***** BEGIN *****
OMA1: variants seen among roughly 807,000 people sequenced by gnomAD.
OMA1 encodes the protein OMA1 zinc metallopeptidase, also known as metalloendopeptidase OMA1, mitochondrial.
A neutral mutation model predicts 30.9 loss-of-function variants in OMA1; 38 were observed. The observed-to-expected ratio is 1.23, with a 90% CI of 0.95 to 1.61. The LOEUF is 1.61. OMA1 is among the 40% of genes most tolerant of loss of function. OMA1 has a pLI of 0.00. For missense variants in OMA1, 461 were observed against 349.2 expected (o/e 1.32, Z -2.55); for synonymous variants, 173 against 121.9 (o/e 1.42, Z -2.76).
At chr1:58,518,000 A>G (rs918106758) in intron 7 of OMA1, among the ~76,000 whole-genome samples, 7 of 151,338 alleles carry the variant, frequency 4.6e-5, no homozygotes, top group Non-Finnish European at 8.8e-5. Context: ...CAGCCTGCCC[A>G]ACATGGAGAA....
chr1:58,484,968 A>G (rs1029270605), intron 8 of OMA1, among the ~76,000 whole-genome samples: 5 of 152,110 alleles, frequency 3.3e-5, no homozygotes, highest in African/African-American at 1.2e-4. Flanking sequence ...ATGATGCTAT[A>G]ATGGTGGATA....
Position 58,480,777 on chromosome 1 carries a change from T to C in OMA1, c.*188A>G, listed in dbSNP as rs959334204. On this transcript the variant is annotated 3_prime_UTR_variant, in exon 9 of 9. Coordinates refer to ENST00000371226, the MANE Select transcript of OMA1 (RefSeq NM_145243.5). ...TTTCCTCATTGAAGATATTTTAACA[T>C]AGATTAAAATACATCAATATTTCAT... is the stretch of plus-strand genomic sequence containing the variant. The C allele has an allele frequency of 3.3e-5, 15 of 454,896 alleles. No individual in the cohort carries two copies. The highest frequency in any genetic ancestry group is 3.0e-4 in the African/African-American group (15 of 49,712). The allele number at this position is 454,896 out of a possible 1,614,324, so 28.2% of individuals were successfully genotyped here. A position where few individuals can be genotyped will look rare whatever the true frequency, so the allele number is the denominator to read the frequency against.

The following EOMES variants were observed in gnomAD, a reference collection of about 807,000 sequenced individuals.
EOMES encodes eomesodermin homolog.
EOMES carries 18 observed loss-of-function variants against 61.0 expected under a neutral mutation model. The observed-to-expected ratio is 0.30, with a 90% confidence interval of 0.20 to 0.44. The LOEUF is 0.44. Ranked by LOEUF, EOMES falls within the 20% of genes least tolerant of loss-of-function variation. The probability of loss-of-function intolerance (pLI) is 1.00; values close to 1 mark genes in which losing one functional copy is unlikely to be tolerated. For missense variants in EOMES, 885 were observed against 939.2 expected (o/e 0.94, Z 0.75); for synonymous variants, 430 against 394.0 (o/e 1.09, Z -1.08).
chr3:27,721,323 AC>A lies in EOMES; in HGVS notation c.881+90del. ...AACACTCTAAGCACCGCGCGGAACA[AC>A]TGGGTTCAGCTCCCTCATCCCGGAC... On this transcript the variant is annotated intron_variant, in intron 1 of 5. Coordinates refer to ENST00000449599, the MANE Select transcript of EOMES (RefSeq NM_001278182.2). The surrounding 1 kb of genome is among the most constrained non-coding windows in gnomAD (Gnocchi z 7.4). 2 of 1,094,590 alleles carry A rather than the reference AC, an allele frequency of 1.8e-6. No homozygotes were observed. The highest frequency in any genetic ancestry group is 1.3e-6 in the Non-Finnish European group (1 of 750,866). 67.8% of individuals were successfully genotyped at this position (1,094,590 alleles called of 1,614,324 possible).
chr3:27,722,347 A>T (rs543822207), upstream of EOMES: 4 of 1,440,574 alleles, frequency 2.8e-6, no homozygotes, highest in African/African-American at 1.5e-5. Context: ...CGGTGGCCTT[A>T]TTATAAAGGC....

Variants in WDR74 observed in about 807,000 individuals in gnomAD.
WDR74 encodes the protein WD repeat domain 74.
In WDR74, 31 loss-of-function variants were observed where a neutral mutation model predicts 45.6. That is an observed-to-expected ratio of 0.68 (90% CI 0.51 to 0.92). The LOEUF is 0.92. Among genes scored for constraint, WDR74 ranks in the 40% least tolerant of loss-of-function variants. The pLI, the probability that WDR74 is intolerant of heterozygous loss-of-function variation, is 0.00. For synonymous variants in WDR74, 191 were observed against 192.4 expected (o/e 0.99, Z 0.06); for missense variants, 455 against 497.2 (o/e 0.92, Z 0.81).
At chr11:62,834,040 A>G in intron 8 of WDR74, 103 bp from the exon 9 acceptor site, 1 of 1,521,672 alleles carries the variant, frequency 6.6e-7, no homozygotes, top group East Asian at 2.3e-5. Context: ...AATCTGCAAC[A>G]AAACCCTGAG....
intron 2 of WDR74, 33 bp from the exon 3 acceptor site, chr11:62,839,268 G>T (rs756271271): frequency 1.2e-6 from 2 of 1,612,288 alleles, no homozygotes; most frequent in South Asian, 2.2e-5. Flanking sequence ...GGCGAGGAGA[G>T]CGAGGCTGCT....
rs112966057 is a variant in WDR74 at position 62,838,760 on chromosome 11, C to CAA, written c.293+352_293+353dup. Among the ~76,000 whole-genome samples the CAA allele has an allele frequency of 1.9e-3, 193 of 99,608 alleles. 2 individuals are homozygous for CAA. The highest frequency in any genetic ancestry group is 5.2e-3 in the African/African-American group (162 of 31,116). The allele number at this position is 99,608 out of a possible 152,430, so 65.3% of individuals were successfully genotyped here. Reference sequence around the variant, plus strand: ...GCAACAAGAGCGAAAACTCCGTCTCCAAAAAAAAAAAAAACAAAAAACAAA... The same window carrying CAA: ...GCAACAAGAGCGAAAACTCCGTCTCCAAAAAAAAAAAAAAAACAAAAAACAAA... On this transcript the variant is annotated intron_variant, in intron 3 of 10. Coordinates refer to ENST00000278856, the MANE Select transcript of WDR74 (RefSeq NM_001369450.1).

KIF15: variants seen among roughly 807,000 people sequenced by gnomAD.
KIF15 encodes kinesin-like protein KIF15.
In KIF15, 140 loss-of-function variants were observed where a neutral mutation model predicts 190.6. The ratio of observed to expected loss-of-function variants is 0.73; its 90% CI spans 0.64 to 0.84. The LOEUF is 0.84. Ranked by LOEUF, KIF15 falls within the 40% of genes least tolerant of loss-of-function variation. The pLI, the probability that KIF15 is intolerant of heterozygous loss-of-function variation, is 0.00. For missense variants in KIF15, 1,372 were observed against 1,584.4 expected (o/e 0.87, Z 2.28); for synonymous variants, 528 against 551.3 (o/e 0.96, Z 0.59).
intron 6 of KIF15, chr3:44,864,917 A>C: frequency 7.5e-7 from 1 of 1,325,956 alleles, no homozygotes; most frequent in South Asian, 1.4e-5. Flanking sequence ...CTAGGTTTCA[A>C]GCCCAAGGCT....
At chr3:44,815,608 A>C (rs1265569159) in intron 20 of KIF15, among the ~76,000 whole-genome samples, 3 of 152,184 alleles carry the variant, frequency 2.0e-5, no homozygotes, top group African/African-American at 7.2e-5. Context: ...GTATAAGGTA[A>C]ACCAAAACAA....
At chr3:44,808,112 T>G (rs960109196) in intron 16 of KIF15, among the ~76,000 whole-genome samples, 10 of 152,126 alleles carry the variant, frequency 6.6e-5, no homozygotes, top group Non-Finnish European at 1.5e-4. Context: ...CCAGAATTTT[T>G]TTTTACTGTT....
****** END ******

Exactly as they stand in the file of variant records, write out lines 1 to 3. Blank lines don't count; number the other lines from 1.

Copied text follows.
OMA1: variants seen among roughly 807,000 people sequenced by gnomAD.
OMA1 encodes the protein OMA1 zinc metallopeptidase, also known as metalloendopeptidase OMA1, mitochondrial.
A neutral mutation model predicts 30.9 loss-of-function variants in OMA1; 38 were observed. The observed-to-expected ratio is 1.23, with a 90% CI of 0.95 to 1.61. The LOEUF is 1.61. OMA1 is among the 40% of genes most tolerant of loss of function. OMA1 has a pLI of 0.00. For missense variants in OMA1, 461 were observed against 349.2 expected (o/e 1.32, Z -2.55); for synonymous variants, 173 against 121.9 (o/e 1.42, Z -2.76).